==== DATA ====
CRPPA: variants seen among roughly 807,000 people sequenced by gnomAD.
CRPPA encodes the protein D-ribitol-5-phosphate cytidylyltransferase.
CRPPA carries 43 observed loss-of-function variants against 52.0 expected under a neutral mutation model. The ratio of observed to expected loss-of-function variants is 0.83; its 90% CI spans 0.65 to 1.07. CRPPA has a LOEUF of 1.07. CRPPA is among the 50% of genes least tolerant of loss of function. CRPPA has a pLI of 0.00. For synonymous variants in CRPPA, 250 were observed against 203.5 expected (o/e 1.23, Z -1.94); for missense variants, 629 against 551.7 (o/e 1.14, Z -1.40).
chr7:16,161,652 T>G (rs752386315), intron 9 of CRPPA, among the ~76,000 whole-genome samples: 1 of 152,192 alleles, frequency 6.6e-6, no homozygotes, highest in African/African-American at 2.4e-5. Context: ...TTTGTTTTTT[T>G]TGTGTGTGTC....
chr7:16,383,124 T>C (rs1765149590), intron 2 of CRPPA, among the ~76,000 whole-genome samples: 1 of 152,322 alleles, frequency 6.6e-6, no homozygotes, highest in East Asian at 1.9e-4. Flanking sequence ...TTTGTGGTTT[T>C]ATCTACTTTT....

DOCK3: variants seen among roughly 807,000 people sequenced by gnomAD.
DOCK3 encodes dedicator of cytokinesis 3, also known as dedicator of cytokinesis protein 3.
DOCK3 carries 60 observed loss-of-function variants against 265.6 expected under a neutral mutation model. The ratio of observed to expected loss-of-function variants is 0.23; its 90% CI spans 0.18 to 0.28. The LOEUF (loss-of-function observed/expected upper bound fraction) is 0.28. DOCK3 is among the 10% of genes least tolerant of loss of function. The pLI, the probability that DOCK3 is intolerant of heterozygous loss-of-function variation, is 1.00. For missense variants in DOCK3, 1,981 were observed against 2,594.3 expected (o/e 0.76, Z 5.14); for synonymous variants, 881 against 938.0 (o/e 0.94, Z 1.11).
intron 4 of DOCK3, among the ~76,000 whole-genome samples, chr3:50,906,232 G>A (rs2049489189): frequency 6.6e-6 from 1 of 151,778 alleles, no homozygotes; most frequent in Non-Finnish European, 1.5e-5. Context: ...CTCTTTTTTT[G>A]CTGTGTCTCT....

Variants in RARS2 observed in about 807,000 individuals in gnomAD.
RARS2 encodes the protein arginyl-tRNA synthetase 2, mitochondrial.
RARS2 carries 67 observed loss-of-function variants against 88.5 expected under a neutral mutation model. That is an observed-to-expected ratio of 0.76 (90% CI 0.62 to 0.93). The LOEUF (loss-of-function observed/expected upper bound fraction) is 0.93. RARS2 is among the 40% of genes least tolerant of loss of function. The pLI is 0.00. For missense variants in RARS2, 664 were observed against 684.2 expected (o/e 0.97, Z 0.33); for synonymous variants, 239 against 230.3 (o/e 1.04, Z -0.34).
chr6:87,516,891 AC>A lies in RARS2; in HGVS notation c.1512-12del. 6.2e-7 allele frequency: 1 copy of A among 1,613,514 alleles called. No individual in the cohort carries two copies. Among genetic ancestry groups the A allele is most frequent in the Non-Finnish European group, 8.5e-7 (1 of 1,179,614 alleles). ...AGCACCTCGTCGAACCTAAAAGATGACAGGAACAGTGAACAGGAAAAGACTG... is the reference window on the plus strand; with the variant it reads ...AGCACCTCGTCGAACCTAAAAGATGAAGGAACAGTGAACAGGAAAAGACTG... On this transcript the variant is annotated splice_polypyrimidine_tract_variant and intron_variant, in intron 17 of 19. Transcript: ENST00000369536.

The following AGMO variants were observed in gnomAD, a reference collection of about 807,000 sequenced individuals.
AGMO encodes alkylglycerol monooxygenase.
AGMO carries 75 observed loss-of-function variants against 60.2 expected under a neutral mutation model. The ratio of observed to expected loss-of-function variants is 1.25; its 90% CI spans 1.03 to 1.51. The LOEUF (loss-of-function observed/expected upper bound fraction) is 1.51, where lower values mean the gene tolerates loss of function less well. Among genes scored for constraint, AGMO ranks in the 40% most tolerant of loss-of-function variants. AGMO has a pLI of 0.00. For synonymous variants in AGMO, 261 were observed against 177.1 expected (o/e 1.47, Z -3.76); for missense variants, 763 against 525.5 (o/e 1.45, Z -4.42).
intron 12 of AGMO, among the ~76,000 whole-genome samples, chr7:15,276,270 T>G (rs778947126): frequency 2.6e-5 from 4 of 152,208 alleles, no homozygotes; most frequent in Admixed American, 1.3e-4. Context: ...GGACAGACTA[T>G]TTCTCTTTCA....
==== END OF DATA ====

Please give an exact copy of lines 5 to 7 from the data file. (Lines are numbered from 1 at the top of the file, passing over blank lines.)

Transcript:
chr7:16,383,124 T>C (rs1765149590), intron 2 of CRPPA, among the ~76,000 whole-genome samples: 1 of 152,322 alleles, frequency 6.6e-6, no homozygotes, highest in East Asian at 1.9e-4. Flanking sequence ...TTTGTGGTTT[T>C]ATCTACTTTT....

DOCK3: variants seen among roughly 807,000 people sequenced by gnomAD.
DOCK3 encodes dedicator of cytokinesis 3, also known as dedicator of cytokinesis protein 3.